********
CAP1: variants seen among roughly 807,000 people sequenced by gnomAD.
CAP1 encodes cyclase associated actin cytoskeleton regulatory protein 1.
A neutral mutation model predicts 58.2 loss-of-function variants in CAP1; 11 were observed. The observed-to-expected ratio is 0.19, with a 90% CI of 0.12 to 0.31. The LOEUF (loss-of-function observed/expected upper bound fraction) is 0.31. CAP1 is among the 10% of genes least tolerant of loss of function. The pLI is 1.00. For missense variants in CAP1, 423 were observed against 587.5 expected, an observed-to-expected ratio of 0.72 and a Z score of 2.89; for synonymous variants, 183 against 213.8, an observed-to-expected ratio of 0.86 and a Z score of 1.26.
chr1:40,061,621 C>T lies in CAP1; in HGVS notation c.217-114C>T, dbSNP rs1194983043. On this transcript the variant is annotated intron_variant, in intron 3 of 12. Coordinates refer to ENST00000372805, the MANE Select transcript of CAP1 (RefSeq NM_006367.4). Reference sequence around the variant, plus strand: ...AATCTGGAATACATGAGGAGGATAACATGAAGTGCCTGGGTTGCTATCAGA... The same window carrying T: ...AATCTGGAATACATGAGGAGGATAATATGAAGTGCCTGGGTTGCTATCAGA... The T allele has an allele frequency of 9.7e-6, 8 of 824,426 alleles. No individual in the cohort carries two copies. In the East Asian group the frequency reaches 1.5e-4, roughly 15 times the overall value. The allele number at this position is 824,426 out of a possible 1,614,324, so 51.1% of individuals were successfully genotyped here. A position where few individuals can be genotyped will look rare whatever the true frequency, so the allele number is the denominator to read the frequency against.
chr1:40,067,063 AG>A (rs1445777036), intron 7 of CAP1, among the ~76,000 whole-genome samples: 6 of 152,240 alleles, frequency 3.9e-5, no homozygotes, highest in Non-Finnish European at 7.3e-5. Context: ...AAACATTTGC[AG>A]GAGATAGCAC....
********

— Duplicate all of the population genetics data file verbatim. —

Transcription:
CAP1: variants seen among roughly 807,000 people sequenced by gnomAD.
CAP1 encodes cyclase associated actin cytoskeleton regulatory protein 1.
A neutral mutation model predicts 58.2 loss-of-function variants in CAP1; 11 were observed. The observed-to-expected ratio is 0.19, with a 90% CI of 0.12 to 0.31. The LOEUF (loss-of-function observed/expected upper bound fraction) is 0.31. CAP1 is among the 10% of genes least tolerant of loss of function. The pLI is 1.00. For missense variants in CAP1, 423 were observed against 587.5 expected, an observed-to-expected ratio of 0.72 and a Z score of 2.89; for synonymous variants, 183 against 213.8, an observed-to-expected ratio of 0.86 and a Z score of 1.26.
chr1:40,061,621 C>T lies in CAP1; in HGVS notation c.217-114C>T, dbSNP rs1194983043. On this transcript the variant is annotated intron_variant, in intron 3 of 12. Coordinates refer to ENST00000372805, the MANE Select transcript of CAP1 (RefSeq NM_006367.4). Reference sequence around the variant, plus strand: ...AATCTGGAATACATGAGGAGGATAACATGAAGTGCCTGGGTTGCTATCAGA... The same window carrying T: ...AATCTGGAATACATGAGGAGGATAATATGAAGTGCCTGGGTTGCTATCAGA... The T allele has an allele frequency of 9.7e-6, 8 of 824,426 alleles. No individual in the cohort carries two copies. In the East Asian group the frequency reaches 1.5e-4, roughly 15 times the overall value. The allele number at this position is 824,426 out of a possible 1,614,324, so 51.1% of individuals were successfully genotyped here. A position where few individuals can be genotyped will look rare whatever the true frequency, so the allele number is the denominator to read the frequency against.
chr1:40,067,063 AG>A (rs1445777036), intron 7 of CAP1, among the ~76,000 whole-genome samples: 6 of 152,240 alleles, frequency 3.9e-5, no homozygotes, highest in Non-Finnish European at 7.3e-5. Context: ...AAACATTTGC[AG>A]GAGATAGCAC....